Home to the homeless

POSTED BY Kirgy January 18th, 2012 : 3 COMMENTS

My visit to Metro Community Church on Sunday just won’t leave my mind. Never in my life have I seen a church so Christ-like. Never have I seen a church so caring, so loving, so forgiving. Never have I seen the homeless so at home.

I felt evil sat in the car with Linda outside the church as the homeless queueing up the cold street waiting for the doors to open. There were about thirty people just queueing at the doors. When the doors were unlocked they could hardly get in there any faster. As Linda drove off I felt a moment of tension as I entered a world of unknown.

In the now busy building which would grow to some three-hundred people there were couches, chairs and tables. Another queue had begun to form, so being an Englishmen I joined it. I had been previously told they provide food for all attendees of the church here, and that’s precisely what I got. And what a buffet it was. Good, sustainable and healthy food. Sandwiches with meat, vegetables and fruit. And the Canadian water; coffee.

They get more than just homeless, although they make up 95% of the congregation. There were a couple of families and children there too. It creates an interesting dynamic to the leadership there who created the church to meet the homeless population who were largely unreached in the down-town area.

As I was looking for a place to sit I noticed two guys who had come into the Hope Centre during the week, and as I approached one beckoned me to join, so I did. We had a little banter around the table talking openly and plainly. There’s a more rustic feel to this church than you would find anywhere else. The slogan “where prejudices are left at the door” really did fit this church well.

After some time of eating and chatting came a time of prayer and worship. Although I wouldn’t say everyone joined in, a good 75% did. The remaining few, for whatever reason kept to themselves, perhaps there for the free food, perhaps there silently processing things.

Then came the open microphone time. This is what I loved the most about this church. It was a time simply to open up the microphone to anyone in the building that wanted to share something. There’s so many stories which are still echoing in my mind. A woman who was praising God that she got to see her daughter alone for the first time in four years after she has been recovering from drug and eating problems. A man giving some words of encouragement to the leadership who have been struggling through some hard issues. A man who has been travelling the whole of Canada looking for work, asking for prayer as he would be leaving the church to carrying on his journey to find work. And this is where the humility shone through; a leader simply poured his heart ache out as his grandfather has died, but there was no way he could travel the vast distance to make it to the funeral.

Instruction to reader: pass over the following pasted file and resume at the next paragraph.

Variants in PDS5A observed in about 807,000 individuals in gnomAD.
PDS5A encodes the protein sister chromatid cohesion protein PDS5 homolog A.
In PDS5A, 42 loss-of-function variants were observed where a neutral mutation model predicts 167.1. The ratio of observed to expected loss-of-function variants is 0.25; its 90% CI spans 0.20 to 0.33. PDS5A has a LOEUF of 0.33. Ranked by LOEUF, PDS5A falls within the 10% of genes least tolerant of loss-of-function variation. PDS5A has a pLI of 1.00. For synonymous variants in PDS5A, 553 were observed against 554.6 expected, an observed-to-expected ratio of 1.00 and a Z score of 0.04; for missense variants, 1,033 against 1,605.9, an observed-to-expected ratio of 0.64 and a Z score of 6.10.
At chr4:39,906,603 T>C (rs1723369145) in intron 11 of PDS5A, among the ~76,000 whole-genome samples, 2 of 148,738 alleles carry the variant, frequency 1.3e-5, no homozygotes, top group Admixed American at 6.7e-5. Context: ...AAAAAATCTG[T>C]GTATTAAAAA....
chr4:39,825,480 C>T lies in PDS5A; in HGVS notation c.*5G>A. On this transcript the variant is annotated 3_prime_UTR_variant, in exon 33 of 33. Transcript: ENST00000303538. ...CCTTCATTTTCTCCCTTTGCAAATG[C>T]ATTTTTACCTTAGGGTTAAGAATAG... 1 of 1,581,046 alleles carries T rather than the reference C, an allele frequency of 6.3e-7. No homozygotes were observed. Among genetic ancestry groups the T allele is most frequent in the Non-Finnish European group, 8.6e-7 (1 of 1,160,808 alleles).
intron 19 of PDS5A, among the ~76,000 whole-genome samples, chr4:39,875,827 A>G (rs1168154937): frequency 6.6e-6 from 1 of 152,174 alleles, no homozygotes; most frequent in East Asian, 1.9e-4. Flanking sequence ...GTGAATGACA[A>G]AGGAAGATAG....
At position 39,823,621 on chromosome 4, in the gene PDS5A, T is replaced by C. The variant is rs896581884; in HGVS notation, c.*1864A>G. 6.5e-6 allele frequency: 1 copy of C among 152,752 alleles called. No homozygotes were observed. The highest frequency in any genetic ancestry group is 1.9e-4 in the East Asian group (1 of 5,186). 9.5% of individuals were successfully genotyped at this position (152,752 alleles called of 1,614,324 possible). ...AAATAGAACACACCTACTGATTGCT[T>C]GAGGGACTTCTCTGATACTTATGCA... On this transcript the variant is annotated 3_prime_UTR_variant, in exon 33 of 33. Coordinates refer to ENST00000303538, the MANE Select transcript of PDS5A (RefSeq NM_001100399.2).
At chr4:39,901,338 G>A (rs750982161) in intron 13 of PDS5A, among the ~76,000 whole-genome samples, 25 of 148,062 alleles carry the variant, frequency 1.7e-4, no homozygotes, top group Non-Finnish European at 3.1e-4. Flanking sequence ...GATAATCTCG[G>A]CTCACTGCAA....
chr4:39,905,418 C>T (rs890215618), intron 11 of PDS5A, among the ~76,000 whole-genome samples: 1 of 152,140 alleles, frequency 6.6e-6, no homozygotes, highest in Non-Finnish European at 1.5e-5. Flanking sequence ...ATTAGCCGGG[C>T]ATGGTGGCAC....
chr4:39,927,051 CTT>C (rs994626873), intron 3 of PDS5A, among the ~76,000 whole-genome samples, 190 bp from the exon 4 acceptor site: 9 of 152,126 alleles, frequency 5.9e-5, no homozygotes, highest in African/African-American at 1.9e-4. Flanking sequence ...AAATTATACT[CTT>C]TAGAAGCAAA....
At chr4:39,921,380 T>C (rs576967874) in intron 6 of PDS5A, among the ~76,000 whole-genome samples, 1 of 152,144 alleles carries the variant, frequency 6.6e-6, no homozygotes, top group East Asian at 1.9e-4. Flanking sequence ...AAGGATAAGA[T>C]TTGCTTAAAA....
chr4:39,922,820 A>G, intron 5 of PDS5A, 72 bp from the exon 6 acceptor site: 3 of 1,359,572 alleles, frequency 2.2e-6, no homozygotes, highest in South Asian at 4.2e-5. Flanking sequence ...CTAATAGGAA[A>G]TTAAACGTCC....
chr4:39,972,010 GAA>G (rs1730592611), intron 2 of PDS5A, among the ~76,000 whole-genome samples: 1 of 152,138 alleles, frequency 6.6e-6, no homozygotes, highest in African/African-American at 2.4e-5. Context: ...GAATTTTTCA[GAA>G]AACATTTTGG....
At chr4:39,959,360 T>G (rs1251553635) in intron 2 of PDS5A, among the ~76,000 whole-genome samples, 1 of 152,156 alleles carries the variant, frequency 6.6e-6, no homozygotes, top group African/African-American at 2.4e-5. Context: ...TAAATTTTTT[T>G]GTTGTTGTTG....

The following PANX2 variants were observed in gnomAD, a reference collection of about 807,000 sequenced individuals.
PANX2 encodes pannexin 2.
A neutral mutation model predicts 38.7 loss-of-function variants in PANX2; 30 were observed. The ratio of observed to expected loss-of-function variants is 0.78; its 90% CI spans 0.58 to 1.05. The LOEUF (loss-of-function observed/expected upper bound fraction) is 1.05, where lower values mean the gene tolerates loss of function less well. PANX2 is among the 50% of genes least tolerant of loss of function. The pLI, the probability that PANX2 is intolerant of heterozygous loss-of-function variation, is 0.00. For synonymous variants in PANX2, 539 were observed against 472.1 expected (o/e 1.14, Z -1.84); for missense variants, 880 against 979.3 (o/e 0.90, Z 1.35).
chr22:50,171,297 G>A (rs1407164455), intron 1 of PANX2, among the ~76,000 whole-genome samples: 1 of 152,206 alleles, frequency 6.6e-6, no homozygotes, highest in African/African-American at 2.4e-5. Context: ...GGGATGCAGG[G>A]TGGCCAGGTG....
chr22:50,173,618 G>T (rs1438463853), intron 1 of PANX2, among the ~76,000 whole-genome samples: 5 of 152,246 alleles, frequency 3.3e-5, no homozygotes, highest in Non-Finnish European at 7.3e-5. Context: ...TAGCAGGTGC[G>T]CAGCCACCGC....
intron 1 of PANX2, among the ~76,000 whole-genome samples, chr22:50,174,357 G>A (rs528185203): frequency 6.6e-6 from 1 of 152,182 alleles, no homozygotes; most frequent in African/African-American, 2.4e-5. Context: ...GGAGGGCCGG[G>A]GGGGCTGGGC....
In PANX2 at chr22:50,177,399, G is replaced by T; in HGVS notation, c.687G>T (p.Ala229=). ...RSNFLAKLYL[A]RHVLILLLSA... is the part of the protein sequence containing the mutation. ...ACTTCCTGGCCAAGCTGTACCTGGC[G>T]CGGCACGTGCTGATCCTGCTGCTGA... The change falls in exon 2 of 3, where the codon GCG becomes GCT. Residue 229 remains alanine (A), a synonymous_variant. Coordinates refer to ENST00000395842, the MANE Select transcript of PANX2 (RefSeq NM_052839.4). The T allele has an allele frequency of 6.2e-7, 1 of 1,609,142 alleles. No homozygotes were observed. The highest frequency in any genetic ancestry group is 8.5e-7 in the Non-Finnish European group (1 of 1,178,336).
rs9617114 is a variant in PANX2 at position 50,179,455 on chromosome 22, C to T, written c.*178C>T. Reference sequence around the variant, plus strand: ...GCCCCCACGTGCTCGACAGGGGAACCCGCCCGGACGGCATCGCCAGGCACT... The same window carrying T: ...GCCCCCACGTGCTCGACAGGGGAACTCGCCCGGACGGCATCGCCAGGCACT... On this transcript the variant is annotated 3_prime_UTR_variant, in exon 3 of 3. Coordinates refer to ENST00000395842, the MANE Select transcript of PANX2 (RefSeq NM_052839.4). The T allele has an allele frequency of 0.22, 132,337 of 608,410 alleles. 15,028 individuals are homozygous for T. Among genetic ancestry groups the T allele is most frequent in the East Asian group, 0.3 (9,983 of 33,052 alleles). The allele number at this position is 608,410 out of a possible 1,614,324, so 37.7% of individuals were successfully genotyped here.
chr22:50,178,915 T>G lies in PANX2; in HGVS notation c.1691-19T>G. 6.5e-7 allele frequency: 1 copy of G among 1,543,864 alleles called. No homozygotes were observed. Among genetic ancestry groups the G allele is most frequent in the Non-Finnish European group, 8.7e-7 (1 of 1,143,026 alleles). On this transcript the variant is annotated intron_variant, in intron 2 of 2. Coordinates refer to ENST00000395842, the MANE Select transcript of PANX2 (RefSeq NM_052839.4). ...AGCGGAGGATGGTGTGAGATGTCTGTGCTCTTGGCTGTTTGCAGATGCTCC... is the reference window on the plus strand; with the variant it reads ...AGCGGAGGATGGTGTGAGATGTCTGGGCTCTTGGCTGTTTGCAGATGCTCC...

Each time a story was told a few would gather around the scratched up floor of the part-time night club to pray for them. Praising God for His love over this person, and praying for blessing in their situation. Ever centring Christ around them; asking God to work miracles in their lives.

You know, not once did I hear someone moan. I didn’t hear the man searching for work say Canada is useless, he just praised God for providing him warmth from the snow and food for his stomach.

It was then that the preacher came to preach and my time was gone and my ride awaited me outside.

They say a sign of a good church is when a hour service feels like ten minutes, and a sign of a bad church is when ten minutes feels like an hour. That service felt like just minutes, but after three hours the preacher had only just risen to the platform.

My heart just pours out to these guys. Most are searching for food, shelter and God. Despite their struggles and failings, the church leaves the prejudices against some of their drug and alcohol addiction at the doors and welcomes them inside. Its exactly what Jesus would have done, its exactly what He did do, and its all too common that we don’t do it.

What worries me for these homeless is the weather here. Minus 25 degree Celsius it was in Kelowna today. There has been a fair deal of snow, and I can tell you; on my thirty minute walk to church this morning there were no footprints in the snow apart from mine. It is so cold that even the Canadians aren’t venturing in this weather.

And its getting worse, weather reports suggests a snow storm to clip British Columbia in the west Americas. I pray that in the potential minus forty degrees and the potential snow storms, that these guys will find somewhere to stay warm. I’ve heard too many stories already of the homeless found dead in the parks and alleyways.

I feel so helpless to help them. Guess we can always pray.

Blessed are those who hunger and thirst for righteousness,
for they will be filled. (Matthew 5:6 [NIV] )

3 Responses

  1. Pete says:

    Mate this is brilliantly written. It’s incredible how your experiences there are impacting you and what you say is powerfully moving.

    It’s incredible that you walked 30 minutes in that weather. I know what -25 feels like. I don’t miss it!!! Sounds silly, but seriously – please be careful and make sure you wrap up warm!

    God is with you. Keep strong and be blessed! x

  2. Wow – what an experience Chris. Always a challenge when you are caught up in an authentic church. Spot on blog. Love it.Praying for you my friend – keep safe and keep close to him!

  3. Josiah Rosie says:

    Dude!! That is epic!! Love the story and how you shared it!!

    Josiah, (friends with Phil Hollis)

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